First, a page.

it shouldn't quit tho right? I'm zipping across 2 infinite streams
    David Karnok
    @akarnokd
    Is this RxJava 1 code? I've tested it and works, prints Test 0 a couple of times.
    Ozzy Osborne
    @BarDweller
    rxjava2
    I mean.. it's great to know it works for you.. you've no idea how nice it is to know my half brained understanding of this stuff is at least on the right tracks ;p
    David Karnok
    @akarnokd
    v2 Observable doesn't support backpressure, therefore the just.repeat will keep emitting the "Test" into the zip's buffer and never letting the delay ever execute. With Flowable, the messages will pause after 128 items which allows the delay to start executing
    Ozzy Osborne
    @BarDweller
    Ah.. ok.. I'm new to all this stuff =) so I should swap them all to be Flowables?
    David Karnok
    @akarnokd
    Yes, and switch the places of messages and delay: so it can start the timer first.
    Ozzy Osborne
    @BarDweller
    I shall have a bash, thank you =)
    David Karnok
    @akarnokd
    Also please read the wiki about the differences between the two major versions.
    Ozzy Osborne
    @BarDweller
    I've never used version 1 or version 2 at least never beyond very simple examples
     Flowable<String> delay = Flowable.just("")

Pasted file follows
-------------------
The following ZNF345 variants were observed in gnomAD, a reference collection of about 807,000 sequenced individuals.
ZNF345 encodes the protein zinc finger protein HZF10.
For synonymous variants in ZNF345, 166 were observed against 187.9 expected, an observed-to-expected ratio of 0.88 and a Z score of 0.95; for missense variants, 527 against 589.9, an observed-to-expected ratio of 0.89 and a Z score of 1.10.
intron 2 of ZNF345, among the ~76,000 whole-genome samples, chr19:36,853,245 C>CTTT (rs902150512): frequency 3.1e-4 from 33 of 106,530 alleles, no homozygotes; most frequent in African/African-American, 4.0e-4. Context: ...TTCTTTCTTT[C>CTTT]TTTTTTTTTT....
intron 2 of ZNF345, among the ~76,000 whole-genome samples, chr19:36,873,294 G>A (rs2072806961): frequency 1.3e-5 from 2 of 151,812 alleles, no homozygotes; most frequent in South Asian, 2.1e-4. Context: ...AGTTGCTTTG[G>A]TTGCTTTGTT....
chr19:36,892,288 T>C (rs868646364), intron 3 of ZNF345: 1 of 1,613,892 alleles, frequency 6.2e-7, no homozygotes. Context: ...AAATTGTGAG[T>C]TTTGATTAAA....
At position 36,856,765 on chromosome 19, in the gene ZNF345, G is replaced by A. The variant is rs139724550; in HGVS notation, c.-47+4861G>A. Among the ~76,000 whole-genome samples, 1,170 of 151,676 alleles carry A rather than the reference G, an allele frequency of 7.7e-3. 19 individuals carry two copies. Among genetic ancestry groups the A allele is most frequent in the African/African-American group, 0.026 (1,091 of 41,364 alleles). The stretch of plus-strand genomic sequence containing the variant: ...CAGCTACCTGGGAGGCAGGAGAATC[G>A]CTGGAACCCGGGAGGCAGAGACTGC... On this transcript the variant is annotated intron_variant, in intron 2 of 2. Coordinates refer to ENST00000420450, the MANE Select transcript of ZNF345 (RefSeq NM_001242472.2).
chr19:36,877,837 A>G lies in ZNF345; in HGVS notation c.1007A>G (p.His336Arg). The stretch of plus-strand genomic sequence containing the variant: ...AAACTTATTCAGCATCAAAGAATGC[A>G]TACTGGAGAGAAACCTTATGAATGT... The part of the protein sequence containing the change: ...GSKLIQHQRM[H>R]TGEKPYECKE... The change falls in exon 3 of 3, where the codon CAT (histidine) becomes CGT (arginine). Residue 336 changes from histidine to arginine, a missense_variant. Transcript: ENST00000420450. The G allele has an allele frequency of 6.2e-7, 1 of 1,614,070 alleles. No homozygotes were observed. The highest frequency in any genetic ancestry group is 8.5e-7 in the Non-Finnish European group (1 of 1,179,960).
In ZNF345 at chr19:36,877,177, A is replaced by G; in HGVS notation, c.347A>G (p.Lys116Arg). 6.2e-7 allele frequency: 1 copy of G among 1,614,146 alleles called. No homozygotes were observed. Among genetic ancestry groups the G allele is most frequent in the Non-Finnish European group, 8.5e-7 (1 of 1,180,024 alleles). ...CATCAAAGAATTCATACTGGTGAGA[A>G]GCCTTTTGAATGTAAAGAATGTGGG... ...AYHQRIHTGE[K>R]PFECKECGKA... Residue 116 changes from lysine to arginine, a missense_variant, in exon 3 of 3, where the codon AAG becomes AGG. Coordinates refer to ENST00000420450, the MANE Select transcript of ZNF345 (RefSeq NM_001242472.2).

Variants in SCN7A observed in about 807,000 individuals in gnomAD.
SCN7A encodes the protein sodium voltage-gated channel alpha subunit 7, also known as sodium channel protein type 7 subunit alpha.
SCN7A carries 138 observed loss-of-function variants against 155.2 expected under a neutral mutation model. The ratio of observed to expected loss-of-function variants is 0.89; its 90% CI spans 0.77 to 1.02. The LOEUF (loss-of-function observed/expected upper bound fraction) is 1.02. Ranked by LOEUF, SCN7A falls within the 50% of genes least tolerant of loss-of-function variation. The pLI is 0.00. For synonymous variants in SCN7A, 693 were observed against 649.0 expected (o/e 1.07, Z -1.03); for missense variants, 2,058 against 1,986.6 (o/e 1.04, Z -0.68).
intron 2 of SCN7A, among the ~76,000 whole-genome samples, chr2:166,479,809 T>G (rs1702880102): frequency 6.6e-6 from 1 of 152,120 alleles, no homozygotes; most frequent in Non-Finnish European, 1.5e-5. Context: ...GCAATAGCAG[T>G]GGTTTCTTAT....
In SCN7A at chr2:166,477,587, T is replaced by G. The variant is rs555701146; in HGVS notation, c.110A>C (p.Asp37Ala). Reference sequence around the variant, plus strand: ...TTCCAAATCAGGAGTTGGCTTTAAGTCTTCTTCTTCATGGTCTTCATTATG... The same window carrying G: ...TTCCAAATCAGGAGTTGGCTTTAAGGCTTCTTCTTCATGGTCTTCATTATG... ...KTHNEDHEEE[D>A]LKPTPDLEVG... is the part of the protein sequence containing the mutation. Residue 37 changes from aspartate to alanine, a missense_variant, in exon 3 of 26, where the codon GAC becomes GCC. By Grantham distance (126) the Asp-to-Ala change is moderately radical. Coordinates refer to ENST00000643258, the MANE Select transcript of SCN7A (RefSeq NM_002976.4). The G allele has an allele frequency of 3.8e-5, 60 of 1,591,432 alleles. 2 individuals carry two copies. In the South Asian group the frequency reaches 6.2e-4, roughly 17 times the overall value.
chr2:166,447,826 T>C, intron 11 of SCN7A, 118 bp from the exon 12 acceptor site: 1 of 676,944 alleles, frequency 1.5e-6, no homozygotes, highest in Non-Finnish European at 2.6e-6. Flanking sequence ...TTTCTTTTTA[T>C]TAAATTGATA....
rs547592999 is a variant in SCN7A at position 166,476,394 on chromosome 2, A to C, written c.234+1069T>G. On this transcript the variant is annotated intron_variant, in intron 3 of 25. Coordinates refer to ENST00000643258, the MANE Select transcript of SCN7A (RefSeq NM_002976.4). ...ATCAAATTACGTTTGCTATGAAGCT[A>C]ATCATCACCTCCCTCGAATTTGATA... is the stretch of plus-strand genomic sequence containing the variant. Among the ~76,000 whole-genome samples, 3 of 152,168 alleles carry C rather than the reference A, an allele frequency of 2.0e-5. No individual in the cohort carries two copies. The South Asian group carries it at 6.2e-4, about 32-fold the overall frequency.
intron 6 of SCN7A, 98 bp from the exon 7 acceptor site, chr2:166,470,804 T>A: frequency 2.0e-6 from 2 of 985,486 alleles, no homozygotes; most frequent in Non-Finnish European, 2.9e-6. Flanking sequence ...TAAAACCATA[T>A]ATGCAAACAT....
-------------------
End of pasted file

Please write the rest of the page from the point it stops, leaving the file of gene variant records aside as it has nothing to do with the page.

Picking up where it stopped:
.switchMap(dummy -> Flowable.timer(randomTime(), TimeUnit.SECONDS))
                                        .map( a -> String.valueOf(a) )
                                        .repeat();
    
           Flowable<String> messages = Flowable.just("Test") //eventually lines from a file...
                                                   .repeat();
    
           delay.zipWith(messages, (d, msg) -> ""+d+" "+msg  ).subscribe( System.out::println );
    So I tried that... and now it just exits immediately with no output =)
    David Karnok
    @akarnokd
    There are a lot of tutorials out there, mostly targeting v1. The wiki should help you turning them into v2 code.
    Did you put in Thread.sleep(10000)?
    Ozzy Osborne
    @BarDweller
    No.. why do I need it?
    David Karnok
    @akarnokd
    Standard Schedulers use daemon threads that won't prevent the JVM from exiting.
    Ozzy Osborne
    @BarDweller
    It does work with the sleep.. so that's good to know.. =)
    ahh.. so I need to subscribe on the current thread somehow?
    David Karnok
    @akarnokd
    You need to prevent the main thread from returning prematurely by some means. If you'd have finite flows, blockingSubscribe could work, although the only way to stop the example flow is to kill the JVM.
    Ozzy Osborne
    @BarDweller
    yeah.. this is basically a quick app that reads lines from a file, and invokes a webservice with a line as a message, then delays randomly and repeats.. (ideally using the lines sequentially)
    so when it runs out of lines from the file, ideally I want it to start over again.. it's never supposed to exit, or rather, I'm fine exiting it by killing the process
    David Karnok
    @akarnokd
    In that case, use blockingSubscribe().
    Ozzy Osborne
    @BarDweller
    ah.. of course.. =) I find a lot of this stuff is at the mo 'try this, doesn't work, repeat until find one way that works'
    like.. I understand that Flowable.timer( delay, unit) produces an observable that returns 0L after the specified delay
    ahh.. and now I figure out why my next change didn't work either..